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Gardening 24/07/2017 0

How to have the juiciest plums and most succulent peaches from your trees

Winter is the best time to prune deciduous fruit trees such as apples, pears and plums. These trees will fruit whether or not they are pruned. The aim of pruning fruit trees is to produce reliable quality crops, with good size fruit on a manageable size tree. Deciduous trees are pruned in winter, once they have lost all foliage – it is easier to see what you are doing and removal of dormant buds (growing points) invigorates the remaining buds.

Remove any dead, whippy or crossing branches to give an open framework and not too many competing branches, as it won’t fruit properly. Remove any crossing and low branches and any old fruit. Apples and Pears are the best fruits to espalier on walls or fences, but I have also seen Plums and Nectarines fruit successfully as espaliers.

Apples
The bud on the end of branch won’t fruit, so cut back to a few buds. The branch that comes off the side of the larger branch is called a lateral. Leave these as they will produce spurs for next year’s fruit. The fruiting spurs (little knobbly bits) will develop apples this season. Always prune at an angle.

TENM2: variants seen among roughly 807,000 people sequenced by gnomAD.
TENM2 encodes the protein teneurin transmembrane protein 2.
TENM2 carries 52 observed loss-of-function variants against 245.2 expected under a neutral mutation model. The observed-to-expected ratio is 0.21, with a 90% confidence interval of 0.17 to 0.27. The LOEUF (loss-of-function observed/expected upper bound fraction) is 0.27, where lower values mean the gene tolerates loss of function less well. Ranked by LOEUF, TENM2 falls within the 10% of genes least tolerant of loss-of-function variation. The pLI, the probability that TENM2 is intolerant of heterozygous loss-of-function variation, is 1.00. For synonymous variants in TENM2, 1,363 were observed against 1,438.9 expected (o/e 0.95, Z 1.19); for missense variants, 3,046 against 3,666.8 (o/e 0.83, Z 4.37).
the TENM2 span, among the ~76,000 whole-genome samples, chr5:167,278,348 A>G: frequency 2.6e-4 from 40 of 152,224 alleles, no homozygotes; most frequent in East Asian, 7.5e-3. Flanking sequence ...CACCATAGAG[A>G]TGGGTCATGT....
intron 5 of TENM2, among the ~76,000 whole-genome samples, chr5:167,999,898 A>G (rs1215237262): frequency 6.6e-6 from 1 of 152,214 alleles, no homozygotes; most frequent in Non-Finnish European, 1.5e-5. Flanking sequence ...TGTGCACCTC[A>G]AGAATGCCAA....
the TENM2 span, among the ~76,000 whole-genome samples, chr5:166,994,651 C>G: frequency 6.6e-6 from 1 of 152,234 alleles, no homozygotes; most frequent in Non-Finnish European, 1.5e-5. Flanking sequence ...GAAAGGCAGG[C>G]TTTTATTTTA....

Pears – fruit on the spurs, (like apples) but also on the end of first year laterals, and so when pruning reduce the terminal and leave these branches to fruit next year.

Plums
They need to be trained in a vase shape. Use strong branches to form the frame. Remove any tall, thin branches. Plums fruit on spurs and first year laterals, so remove any old or dead wood – this will promote new growth.

Nectarines and Peaches
They need to be trained in a vase shaped tree. They bear fruit on last year’s growth. They need fairly severe annual pruning to encourage vigorous new shoots for the next year’s fruit.

The MCLA maintenance team are really handy with the secateurs when it comes to fruit trees. They can also carry out the Winter pest control required.
Please get in contact if we can help: call us on (08) 9384 9555 or fill in the form below.

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